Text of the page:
Cybersecurity 2020: The state of cyber attacks & how to identify and mitigate them


For Plunder and Profit, the internet’s golden age of cyber attacks

In 2019, more than $3.5 Billion dollars were lost to cybercrime Globally, with projections that online fraud alone could cost the e-commerce industry $25 Billion a year by 2024. We’re not in Kansas anymore, over the years, the internet has transformed and grown.

What was a global network in its infancy in 2000, is now a platform that is relied upon by billions of people every day. What started as a gold rush has now become the wild west, complete with cowboys and outlaws from all parts of the globe all trying to get a piece of the pie. Businesses, online e-commerce, social media, the Internet of Things, all rely on this network now to bring revenue streams, communicate with customers, store data, and even operate large parts of businesses autonomously.

Unfortunately, the more intricate and expansive web infrastructure becomes, the more holes and malicious opportunities arise for those who want to use and abuse the internet in more sinister ways.

The aim of most cybercriminals and cybercriminal syndicates is quite simple, to profit off their exploits, and usually in a way where complexity and effort involved, scales to their projected payout. This is done via a number of ways.  hacking a website and stealing credit card information & personal information, then selling that data online is a prime goal for many cybercriminals.  Other hackers may infect your website with malware, that puts links to other websites for Black Hat SEO purposes, to either bolster a person’s Google Rankings, or to tank your website ranking, and destroy your online presence through linking adult websites, spam sites and more.

There are also more intricate hacks like botnet malware. Botnets are networks of servers or computers, infected with malware that can ‘call home’ (usually back to a proxied IP or Dynamic DNS) to perform many different malicious attacks at scale. Botnets are notorious for things like DDoS (Distributed Denial of Service) Attack networks, which overload a server’s ability to receive and serve HTTP requests, essentially taking down the server. Botnets have also been used for things like bitcoin mining, using up server resources to make the hacker a profit off the processing required to mine bitcoins, leaving the owner of the server with the electricity and bandwidth bill.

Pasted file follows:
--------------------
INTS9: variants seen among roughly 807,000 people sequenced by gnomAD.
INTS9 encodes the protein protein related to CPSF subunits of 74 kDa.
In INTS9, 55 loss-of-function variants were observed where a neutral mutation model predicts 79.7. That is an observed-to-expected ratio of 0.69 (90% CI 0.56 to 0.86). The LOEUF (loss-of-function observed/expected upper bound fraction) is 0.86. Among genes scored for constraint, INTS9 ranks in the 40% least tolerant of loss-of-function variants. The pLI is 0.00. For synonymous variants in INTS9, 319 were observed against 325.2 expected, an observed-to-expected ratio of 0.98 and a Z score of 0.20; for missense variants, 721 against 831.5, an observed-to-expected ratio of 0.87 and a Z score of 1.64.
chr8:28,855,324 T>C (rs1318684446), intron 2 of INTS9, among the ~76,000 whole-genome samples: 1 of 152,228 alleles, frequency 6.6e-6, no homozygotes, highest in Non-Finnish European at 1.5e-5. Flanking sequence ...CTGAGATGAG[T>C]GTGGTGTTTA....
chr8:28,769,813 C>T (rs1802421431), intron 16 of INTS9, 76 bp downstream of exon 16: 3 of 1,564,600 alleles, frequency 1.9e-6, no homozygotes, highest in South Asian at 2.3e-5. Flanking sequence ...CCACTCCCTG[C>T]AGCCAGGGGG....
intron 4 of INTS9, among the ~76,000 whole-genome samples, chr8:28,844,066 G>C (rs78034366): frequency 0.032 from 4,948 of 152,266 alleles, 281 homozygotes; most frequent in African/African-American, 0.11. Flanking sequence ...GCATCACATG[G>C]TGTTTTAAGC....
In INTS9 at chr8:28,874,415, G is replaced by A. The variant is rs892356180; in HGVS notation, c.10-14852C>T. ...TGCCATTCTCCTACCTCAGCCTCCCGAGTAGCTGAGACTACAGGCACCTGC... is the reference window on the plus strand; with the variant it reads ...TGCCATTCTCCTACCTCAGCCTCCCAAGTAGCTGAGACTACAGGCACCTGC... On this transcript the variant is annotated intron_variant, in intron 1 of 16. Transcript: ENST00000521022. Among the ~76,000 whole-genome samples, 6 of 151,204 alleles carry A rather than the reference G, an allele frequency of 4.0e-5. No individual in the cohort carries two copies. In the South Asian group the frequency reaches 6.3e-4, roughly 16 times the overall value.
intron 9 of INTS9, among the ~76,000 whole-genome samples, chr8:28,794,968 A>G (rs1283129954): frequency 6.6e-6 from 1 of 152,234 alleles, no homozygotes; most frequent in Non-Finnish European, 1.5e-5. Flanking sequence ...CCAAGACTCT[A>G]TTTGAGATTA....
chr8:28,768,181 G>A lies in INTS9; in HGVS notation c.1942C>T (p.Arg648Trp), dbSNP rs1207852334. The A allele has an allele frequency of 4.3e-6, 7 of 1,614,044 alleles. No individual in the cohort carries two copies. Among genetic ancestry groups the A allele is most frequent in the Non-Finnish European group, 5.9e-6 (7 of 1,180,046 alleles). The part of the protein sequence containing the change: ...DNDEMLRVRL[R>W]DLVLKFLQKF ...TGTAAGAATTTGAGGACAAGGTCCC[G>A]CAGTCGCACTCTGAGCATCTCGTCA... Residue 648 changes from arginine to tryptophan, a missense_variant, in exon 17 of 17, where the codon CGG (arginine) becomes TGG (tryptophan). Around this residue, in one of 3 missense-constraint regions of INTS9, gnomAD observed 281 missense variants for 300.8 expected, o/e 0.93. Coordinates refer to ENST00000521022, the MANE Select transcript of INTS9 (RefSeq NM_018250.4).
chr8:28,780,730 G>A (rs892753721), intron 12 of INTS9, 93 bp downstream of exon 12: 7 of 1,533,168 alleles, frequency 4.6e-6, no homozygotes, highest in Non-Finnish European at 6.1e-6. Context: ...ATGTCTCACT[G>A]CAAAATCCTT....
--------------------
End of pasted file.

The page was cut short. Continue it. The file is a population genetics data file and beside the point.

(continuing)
the attack vector. Hitting servers with a direction and velocity.

Hackers normally target weak websites, as it is much easier to deface and breach such sites, especially at scale. Most attacks are carried out autonomously, bots programmed to look for certain exploits in theme code, plugin code or even framework code. This is normally done through a method called Google Dorking. Google Dorking is using Google’s Search Query Engine to pinpoint websites that are susceptible to the hackers’ chosen attack vectors. For instance, this dork shows all insecure files indexed on the internet where a MySQL Database password is leaked.